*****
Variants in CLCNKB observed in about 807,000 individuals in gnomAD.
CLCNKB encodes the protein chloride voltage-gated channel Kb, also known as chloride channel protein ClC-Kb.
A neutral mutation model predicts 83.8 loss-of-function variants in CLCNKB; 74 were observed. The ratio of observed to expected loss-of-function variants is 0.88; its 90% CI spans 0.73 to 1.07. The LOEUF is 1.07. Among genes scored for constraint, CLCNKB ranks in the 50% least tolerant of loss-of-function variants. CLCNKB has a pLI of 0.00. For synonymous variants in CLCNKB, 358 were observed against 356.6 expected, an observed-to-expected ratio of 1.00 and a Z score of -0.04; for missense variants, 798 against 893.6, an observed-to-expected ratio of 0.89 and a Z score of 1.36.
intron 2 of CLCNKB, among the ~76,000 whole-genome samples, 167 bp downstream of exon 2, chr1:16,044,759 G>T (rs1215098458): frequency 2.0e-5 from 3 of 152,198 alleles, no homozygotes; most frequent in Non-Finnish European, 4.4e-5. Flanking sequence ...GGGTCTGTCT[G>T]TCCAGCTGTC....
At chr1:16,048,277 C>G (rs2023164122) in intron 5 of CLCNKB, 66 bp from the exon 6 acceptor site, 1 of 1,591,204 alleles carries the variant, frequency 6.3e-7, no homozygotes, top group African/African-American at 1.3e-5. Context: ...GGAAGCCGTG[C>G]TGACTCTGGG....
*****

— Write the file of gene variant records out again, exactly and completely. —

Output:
Variants in CLCNKB observed in about 807,000 individuals in gnomAD.
CLCNKB encodes the protein chloride voltage-gated channel Kb, also known as chloride channel protein ClC-Kb.
A neutral mutation model predicts 83.8 loss-of-function variants in CLCNKB; 74 were observed. The ratio of observed to expected loss-of-function variants is 0.88; its 90% CI spans 0.73 to 1.07. The LOEUF is 1.07. Among genes scored for constraint, CLCNKB ranks in the 50% least tolerant of loss-of-function variants. CLCNKB has a pLI of 0.00. For synonymous variants in CLCNKB, 358 were observed against 356.6 expected, an observed-to-expected ratio of 1.00 and a Z score of -0.04; for missense variants, 798 against 893.6, an observed-to-expected ratio of 0.89 and a Z score of 1.36.
intron 2 of CLCNKB, among the ~76,000 whole-genome samples, 167 bp downstream of exon 2, chr1:16,044,759 G>T (rs1215098458): frequency 2.0e-5 from 3 of 152,198 alleles, no homozygotes; most frequent in Non-Finnish European, 4.4e-5. Flanking sequence ...GGGTCTGTCT[G>T]TCCAGCTGTC....
At chr1:16,048,277 C>G (rs2023164122) in intron 5 of CLCNKB, 66 bp from the exon 6 acceptor site, 1 of 1,591,204 alleles carries the variant, frequency 6.3e-7, no homozygotes, top group African/African-American at 1.3e-5. Context: ...GGAAGCCGTG[C>G]TGACTCTGGG....